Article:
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#Actualkunos

Posted 08 December 2012 - 12:09 PM

Ya I am playing with it in my spare time... it's by far my favorite language.
I don't understand what you mean for "dynamic types".. Go has no dynamic types, it's a very simple language statically typed... actually it is very strict about types, requiring explicit casts everywhere. Maybe you are confused by interfaces and duck typing.. but those aren't strictly "dynamic" features... most of them are evaluated at compile time.
Memory management is not very different from C like languages, so, from a performance point of view, the same rules are valid.. avoid creating things on the heap if you can... that's about it... the best way to optimize on a GC is to avoid triggering it.

Performance wise, from my tests on Windows (game oriented stuff like graph traversals and basic math) is in the same ballpark with C# using the standard go compiler. On Linux you can use the gccgo compiler built over the gcc complier and that's pretty damn fast... and runtime performances are only going to get better due the nature of the language.

For gamedev, Go is severely limited in expressing elegant math code.. it doesn't have operator overloading nor function overloading.. thus you're back writing things like:

result := mymath.AddFloat3(&v1 , &v2)

Instead of:

auto result=v1 +v2;

Things get worse with complex formulas:

auto new_pos=pos+vel * dt + (acc * 0.5f * dt *dt);

You'd have to break that down in go operation by operation if pos, vel and acc are vectors.

This gets really annoying when you write math intensive code... but you get lots of good stuff from the language such as goroutines and channels, so it's the goods and the bads are balancing out.

#1kunos

Posted 08 December 2012 - 12:01 PM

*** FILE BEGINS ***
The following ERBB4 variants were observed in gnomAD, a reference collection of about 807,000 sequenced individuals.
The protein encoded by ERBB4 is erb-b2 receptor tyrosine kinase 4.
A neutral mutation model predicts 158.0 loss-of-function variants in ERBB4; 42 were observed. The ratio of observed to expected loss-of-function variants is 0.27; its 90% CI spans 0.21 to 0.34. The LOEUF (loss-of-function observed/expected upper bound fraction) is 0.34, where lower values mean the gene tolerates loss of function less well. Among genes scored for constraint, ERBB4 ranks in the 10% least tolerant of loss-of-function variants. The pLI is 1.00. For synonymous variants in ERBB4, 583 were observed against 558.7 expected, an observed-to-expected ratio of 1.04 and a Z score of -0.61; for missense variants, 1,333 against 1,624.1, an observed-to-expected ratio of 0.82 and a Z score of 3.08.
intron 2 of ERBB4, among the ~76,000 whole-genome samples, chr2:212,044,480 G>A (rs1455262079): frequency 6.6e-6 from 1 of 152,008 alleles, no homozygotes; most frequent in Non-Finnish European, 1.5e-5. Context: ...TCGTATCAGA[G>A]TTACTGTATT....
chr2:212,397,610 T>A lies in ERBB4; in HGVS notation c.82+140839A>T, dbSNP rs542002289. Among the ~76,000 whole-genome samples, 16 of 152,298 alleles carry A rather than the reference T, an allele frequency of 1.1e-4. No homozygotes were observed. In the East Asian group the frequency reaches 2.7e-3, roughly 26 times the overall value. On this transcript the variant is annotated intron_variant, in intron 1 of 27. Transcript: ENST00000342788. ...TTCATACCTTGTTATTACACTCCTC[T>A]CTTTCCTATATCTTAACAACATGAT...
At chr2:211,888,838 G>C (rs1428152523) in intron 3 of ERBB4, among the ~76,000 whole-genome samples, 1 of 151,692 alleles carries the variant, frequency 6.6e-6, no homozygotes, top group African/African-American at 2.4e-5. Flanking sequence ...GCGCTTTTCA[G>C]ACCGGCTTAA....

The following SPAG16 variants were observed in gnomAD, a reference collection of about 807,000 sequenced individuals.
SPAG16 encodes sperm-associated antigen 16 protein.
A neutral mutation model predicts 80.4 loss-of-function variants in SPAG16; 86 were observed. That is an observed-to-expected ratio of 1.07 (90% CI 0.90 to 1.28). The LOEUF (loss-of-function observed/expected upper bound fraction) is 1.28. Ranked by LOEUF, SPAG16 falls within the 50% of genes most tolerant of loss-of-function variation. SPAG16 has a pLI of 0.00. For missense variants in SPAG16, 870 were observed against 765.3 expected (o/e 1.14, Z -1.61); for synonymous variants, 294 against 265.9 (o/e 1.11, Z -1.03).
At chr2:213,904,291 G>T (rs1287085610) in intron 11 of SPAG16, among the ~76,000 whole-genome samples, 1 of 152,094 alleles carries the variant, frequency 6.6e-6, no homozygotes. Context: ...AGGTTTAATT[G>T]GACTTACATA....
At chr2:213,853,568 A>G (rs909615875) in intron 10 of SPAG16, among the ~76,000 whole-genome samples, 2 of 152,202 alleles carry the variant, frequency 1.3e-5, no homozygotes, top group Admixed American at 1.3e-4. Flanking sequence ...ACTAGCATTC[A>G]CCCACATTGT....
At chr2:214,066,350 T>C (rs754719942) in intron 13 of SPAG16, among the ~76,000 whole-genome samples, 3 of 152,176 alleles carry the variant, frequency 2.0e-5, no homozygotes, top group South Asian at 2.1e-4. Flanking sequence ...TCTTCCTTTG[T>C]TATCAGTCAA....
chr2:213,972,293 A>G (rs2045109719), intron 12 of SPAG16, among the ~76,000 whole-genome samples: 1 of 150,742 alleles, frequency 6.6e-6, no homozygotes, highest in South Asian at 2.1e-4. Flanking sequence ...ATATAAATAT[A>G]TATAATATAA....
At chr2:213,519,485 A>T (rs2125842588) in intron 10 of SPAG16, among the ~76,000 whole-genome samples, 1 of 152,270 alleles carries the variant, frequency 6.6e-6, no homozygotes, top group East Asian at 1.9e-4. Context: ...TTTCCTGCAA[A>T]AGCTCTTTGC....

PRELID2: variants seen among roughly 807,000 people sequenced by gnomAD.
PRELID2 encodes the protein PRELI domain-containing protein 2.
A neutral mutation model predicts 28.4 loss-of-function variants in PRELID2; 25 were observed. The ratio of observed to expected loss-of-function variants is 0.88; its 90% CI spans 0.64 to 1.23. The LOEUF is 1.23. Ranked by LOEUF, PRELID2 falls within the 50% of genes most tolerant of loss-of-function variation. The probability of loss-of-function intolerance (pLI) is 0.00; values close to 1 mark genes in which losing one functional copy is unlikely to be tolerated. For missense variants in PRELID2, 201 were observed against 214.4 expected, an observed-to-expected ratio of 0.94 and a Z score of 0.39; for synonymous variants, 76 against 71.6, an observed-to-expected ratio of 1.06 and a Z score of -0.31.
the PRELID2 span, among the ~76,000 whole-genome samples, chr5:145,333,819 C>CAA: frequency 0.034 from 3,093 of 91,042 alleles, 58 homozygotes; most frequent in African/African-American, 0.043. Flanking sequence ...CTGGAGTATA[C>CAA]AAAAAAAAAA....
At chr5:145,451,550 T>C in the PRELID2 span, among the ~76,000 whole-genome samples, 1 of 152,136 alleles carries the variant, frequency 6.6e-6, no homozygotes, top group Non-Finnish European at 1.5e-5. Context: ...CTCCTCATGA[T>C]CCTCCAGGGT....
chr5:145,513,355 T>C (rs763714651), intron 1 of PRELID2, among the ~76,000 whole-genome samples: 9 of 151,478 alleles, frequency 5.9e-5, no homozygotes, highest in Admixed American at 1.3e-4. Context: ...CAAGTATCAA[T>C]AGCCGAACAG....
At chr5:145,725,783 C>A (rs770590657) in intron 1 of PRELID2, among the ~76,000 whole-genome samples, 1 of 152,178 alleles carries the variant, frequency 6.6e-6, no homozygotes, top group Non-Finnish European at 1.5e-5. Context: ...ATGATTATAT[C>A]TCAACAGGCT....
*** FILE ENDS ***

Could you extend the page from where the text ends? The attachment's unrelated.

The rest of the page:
Ya I am playing with it in my spare time... it's by far my favorite language.
I don't understand what you mean for "dynamic types".. Go has no dynamic types, it's a very simple language statically typed... actually it is very strict about types, requiring explicit casts everywhere. Maybe you are confused by interfaces and duck typing.. but those aren't strictly "dynamic" features... most of them are evaluated at compile time.
Memory management is not very different from C like languages, so, from a performance point of view, the same rules are valid.. avoid creating things on the heap if you can... that's about it... the best way to optimize on a GC is to avoid triggering it.

Performance wise, from my tests on Windows (game oriented stuff like graph traversals and basic math) is in the same ballpark with C# using the standard go compiler. On Linux you can use the gccgo compiler built over the gcc complier and that's pretty damn fast... and runtime performances are only going to get better due the nature of the language.

For gamedev, Go is severely limited in expressing elegant math code.. it doesn't have operator overloading nor function overloading.. thus you're back writing things like:

result := mymath.AddFloat3(&v1 , &v2)

Instead of:

auto result=v1 +v2;

This gets really annoying when you write math intensive code... but you get lots of good stuff from the language such as goroutines and channels, so it's the goods and the bads are balancing out.

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